Alumni traditions left behind in Richardson revitalization

(Left) Engineers of the class of 1933 leading the Homecoming parade in 1988; (right) an alumus waving to the crowd during the 2015 halftime parade.

I remember going to my first Homecoming football game at Queen’s when I was 10 years old.

My brother was playing in the game and the crowd was roaring. I couldn’t believe the spirit and enthusiasm that emanated from the students and alumni in the stands. 

But for me, the best part was yet to come. I’d never seen the halftime parade before so I didn’t know what to expect, but I knew that I should be thrilled. My parents waited in eager anticipation and their excitement carried onto me. 

Then suddenly, my 10-year-old self was shocked to see an army of incredibly excited purple students and their friends take the field and slam their jackets in salute of an older looking group that was moving around the stadium. I saw the alumni march by the crowd that saluted them and waved back with pride. My father told me it happened every year; it was an incredible sight and the  best part of an amazing day. 

Growing up in Kingston, I dreamed of going to my hometown school and the Homecoming parade was just more incentive. I wanted to follow in the footsteps of my family. They went to Queen’s and immersed themselves in the remarkable school spirit and I wanted nothing more than to be able to do the same. I knew from that day on I wanted to be part of a school that so passionately celebrated the people who attended it.

When they were students, my family members each got their turn to salute alumni at the Homecoming football game. Years later they would march around the track in pride with their classmates. In fact, five years ago during my mother’s 40th reunion football parade she met a friend of hers she hadn’t seen since she lived on her floor in Adelaide Hall in first year. 

But now my mother isn’t going to her 45th year reunion, because, without the parade during the football game, she sees no point in returning. 

With nothing more than a brief article on the Queen’s Alumni website, entitled End Of Homecoming Half-Time Parade Brings New Opportunities For Alumni-Student Interaction, that tradition was scrapped. The parade through campus will continue, however, it will stop short outside the gates of the newly revitalized Richardson Stadium.

The article provides little-to-no reasoning for the decision, masking the issue in seemingly more positive changes to Homecoming tradition — like new stadium seating arrangements. 

Due to the lack of any explanation, I’m forced to speculate as to why the University made this decision. 

I’d imagine there are a few concerns regarding the parade. However, in the eyes of this alum, I don’t see how they can justify ending this essential tradition.

The most likely cause of the cancellation is the new field and the fear that a parade may damage it. Surely a 25-minute parade will not cause significant damage? Regardless, this seems absurd; a field is literally meant to be tread on. 

Secondly, it’s possible that they don’t want the parade because there isn’t a track anymore. While this is true, I’m confident that logistically this can be overcome. In fact, I’m fairly certain that the football team will have a rubber mat under-foot to protect the sidelines of the field. Could the University not position more of these mats so alumni can walk on them? That way you have both room for alumni and protection of the turf.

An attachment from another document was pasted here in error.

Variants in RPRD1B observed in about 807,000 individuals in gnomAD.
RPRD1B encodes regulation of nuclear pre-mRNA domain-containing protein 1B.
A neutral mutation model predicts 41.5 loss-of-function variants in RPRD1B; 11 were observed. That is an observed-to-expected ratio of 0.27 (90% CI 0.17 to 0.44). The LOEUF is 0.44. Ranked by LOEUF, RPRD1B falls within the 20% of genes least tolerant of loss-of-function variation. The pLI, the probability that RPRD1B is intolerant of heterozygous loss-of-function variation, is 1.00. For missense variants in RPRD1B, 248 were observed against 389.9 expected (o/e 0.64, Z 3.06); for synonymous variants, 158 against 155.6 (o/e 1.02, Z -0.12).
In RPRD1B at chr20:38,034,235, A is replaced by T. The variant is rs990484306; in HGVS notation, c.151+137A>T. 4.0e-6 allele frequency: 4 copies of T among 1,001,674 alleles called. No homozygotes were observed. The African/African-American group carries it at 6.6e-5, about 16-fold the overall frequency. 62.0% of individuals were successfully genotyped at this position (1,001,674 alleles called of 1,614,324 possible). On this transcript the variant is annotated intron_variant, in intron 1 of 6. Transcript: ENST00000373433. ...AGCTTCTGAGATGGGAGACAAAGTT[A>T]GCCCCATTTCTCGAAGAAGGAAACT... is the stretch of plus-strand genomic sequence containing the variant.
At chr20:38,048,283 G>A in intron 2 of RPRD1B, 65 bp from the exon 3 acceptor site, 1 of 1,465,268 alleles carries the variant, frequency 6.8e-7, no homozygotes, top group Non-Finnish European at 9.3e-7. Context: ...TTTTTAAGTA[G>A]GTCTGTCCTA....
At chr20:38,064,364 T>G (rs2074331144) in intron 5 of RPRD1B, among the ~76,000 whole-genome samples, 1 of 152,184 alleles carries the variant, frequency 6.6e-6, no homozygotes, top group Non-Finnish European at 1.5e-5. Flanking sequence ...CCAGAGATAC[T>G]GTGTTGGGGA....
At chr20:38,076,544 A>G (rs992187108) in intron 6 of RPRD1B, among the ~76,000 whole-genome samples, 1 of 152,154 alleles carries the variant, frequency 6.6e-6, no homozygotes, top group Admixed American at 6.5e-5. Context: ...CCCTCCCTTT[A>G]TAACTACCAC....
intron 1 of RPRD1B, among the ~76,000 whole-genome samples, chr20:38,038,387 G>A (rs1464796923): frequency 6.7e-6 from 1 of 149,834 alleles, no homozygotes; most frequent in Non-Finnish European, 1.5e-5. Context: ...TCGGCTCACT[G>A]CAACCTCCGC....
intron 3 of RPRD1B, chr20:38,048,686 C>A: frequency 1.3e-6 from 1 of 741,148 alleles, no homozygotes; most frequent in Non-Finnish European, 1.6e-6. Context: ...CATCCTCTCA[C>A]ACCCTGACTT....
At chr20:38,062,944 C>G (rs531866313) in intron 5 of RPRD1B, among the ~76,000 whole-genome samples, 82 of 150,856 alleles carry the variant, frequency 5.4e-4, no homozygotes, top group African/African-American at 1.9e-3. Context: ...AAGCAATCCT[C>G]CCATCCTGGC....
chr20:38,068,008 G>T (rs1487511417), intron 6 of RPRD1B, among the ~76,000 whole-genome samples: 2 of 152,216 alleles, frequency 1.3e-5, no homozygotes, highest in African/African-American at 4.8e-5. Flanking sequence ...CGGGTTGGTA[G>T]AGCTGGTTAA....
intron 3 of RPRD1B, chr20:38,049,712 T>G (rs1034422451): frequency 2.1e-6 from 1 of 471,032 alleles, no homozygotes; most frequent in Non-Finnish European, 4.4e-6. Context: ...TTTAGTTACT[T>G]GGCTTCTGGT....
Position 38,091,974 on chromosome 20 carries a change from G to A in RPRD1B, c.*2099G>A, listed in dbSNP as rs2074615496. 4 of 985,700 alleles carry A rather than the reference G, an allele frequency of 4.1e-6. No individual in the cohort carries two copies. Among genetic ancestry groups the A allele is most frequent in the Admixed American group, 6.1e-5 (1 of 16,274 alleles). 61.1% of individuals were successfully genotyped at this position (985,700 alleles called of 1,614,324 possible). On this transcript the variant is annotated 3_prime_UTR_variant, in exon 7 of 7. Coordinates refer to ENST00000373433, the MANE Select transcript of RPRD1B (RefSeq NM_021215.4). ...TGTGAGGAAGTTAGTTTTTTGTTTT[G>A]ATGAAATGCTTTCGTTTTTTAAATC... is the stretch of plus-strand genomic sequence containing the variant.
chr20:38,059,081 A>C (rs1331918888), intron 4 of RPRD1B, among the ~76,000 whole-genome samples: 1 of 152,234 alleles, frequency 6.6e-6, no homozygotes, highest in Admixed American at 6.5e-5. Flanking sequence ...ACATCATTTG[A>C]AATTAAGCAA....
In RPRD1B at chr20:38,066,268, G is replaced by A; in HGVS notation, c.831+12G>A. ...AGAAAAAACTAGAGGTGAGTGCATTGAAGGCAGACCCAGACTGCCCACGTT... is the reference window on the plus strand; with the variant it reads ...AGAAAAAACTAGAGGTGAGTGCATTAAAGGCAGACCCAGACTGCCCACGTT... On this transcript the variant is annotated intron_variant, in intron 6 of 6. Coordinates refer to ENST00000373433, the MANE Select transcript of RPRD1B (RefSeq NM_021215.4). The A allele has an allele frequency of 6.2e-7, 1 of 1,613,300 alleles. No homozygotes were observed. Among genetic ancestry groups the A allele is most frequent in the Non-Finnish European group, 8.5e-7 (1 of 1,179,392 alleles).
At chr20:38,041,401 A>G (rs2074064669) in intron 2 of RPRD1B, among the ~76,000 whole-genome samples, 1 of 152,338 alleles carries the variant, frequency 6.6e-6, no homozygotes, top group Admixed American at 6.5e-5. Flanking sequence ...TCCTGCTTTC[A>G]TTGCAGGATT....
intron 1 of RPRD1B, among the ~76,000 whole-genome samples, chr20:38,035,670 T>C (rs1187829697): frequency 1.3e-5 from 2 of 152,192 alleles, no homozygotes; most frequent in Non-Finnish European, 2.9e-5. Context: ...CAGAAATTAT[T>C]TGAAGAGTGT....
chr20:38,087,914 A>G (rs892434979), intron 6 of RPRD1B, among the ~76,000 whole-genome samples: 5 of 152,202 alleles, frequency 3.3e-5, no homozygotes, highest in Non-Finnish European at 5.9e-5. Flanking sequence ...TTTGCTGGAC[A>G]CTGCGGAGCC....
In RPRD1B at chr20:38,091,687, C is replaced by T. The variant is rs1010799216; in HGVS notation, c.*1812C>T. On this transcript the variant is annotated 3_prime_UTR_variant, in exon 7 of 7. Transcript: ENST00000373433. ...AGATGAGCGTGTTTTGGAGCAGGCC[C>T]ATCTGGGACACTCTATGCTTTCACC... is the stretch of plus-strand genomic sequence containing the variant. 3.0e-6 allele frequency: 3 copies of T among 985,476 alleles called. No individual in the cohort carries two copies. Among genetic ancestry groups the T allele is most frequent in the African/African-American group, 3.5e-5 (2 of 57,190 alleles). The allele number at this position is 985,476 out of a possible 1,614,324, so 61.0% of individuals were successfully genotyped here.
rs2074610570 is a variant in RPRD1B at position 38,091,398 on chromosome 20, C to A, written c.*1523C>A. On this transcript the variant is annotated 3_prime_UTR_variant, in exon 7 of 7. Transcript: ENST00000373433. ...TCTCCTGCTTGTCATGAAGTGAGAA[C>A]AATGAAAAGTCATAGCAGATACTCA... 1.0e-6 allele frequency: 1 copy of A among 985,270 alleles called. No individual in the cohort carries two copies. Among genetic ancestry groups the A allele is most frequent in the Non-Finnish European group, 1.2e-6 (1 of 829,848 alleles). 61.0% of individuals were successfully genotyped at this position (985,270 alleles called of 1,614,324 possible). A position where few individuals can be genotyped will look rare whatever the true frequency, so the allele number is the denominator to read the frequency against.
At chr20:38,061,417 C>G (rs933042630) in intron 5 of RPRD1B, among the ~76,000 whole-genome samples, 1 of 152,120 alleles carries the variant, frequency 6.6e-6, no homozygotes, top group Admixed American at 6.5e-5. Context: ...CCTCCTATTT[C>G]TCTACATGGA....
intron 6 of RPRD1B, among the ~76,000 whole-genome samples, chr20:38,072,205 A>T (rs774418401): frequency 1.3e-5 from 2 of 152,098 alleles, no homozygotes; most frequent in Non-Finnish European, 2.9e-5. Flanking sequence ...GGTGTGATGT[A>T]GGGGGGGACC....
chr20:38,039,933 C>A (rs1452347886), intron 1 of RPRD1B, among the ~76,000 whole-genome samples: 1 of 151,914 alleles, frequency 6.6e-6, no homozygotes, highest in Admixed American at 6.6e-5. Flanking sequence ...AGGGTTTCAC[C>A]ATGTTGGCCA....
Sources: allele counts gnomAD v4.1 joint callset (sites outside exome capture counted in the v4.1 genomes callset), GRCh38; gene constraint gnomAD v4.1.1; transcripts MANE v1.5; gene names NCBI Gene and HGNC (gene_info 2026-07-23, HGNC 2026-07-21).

Turf should not overrule one of the most cherished Queen’s traditions.

Third, the University is likely worried about the personal security of students and alumni. However, this never prevented the parade before, so why now? Anyone who attended knows that while students did rush the field to salute alumni, they also quickly vacated the field before the start of the second half. It was never out of hand, students and alumni respected that fun was had and it was time to watch the rest of the game and cheer on their Gaels. 

Further, and no disrespect to Queen’s' great athletics program, the parade is probably the most important 25 minutes of the Homecoming game.

The great irony here is that the stadium improvements were mostly paid for by alumni, including “a lead gift of $10 million from Queen’s alumni Stu Lang, Sci ’74, and Kim Lang, ArtSci ’76” as stated on the school website. 

That generosity is truly incredible and yet the University saw fit to reward such a contribution, along with many others, by denying an alumni-specific event which is steeped in tradition. It’s immensely disappointing and confusing. 

I’m left to wonder if the alumni would’ve been as supportive as they’d been had they known that the new stadium would end a tradition that they themselves have likely participated in for many years.

The Queen’s website also states that donations for the revitalization of the stadium from alumni or alumni-driven funds was around $17 million while the University invested an additional $3 million for infrastructure support. 

With 85 per cent of the stadium paid for by alumni and all the countless other reasons, it’s easy to tell that the decision to eliminate the Homecoming parade from its inclusion in the football game was made by someone who didn’t take into consideration the magnitude of what exactly they were denying. 

Queen’s needs to bring back the Homecoming parade in its original fashion so we can continue to honour our alumni who have always done so much for the University in one of the most unique traditions possible.

David Sinkinson is a Queen’s ArtSci ’11 and MBA ’13 alumus. He was the Municipal Affairs Commissioner of the AMS for the 2011-12 school year.
 

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